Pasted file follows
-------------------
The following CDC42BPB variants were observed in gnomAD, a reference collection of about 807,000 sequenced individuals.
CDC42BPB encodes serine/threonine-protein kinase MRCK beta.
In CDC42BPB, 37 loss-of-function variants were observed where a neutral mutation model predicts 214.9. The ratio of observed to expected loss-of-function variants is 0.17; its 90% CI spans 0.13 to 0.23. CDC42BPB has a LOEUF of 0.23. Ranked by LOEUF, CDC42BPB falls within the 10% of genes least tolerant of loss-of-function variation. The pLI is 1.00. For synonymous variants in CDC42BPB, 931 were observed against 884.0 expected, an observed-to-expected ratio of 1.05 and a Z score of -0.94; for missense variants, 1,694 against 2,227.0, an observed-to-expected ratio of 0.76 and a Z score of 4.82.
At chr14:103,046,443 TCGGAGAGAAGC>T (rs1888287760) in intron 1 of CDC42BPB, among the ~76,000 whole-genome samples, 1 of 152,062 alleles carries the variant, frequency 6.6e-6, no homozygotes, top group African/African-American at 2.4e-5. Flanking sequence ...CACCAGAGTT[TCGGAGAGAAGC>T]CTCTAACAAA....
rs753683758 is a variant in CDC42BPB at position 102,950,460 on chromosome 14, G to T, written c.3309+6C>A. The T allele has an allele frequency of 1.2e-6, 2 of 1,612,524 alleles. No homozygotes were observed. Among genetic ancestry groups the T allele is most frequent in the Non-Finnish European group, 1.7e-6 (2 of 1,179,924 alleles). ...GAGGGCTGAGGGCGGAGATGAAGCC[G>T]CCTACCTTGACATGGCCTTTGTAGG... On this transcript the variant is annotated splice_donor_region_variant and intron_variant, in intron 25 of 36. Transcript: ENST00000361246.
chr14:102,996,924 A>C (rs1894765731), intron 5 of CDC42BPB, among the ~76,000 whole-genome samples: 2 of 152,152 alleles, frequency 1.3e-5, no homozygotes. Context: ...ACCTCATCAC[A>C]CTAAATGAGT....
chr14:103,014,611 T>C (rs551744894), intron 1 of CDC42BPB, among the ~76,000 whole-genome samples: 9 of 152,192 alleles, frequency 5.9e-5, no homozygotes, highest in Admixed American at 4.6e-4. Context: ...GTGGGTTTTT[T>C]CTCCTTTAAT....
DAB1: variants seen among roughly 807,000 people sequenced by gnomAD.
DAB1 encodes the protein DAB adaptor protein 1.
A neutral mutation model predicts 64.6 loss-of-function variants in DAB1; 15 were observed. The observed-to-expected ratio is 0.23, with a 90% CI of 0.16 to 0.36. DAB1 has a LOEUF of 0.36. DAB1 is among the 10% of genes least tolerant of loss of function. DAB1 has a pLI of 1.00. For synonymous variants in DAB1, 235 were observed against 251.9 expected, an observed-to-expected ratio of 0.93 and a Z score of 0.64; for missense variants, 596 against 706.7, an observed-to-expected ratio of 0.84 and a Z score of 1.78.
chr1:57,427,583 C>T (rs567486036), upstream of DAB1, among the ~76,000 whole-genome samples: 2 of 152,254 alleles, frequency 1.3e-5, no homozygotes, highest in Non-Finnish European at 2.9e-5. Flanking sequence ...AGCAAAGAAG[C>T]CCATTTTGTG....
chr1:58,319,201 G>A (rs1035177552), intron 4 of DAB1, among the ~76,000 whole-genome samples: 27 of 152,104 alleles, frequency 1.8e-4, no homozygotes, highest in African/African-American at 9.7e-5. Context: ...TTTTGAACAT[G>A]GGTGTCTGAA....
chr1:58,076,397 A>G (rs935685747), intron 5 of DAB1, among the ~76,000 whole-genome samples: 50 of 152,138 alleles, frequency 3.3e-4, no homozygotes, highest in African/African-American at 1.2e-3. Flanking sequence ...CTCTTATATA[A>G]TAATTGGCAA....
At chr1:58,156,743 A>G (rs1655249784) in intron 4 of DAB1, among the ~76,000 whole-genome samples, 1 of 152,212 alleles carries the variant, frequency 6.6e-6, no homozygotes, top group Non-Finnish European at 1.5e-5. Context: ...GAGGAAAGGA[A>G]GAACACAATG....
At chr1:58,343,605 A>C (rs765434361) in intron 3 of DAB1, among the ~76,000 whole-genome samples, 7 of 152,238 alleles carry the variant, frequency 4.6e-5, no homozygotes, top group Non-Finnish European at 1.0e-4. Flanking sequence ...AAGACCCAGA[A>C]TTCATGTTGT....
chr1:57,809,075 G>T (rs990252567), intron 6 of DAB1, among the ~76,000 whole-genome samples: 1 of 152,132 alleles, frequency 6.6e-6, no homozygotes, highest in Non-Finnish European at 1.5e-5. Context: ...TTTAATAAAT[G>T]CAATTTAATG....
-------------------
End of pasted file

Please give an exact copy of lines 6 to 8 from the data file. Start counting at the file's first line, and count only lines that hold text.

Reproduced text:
chr14:102,996,924 A>C (rs1894765731), intron 5 of CDC42BPB, among the ~76,000 whole-genome samples: 2 of 152,152 alleles, frequency 1.3e-5, no homozygotes. Context: ...ACCTCATCAC[A>C]CTAAATGAGT....
chr14:103,014,611 T>C (rs551744894), intron 1 of CDC42BPB, among the ~76,000 whole-genome samples: 9 of 152,192 alleles, frequency 5.9e-5, no homozygotes, highest in Admixed American at 4.6e-4. Context: ...GTGGGTTTTT[T>C]CTCCTTTAAT....
DAB1: variants seen among roughly 807,000 people sequenced by gnomAD.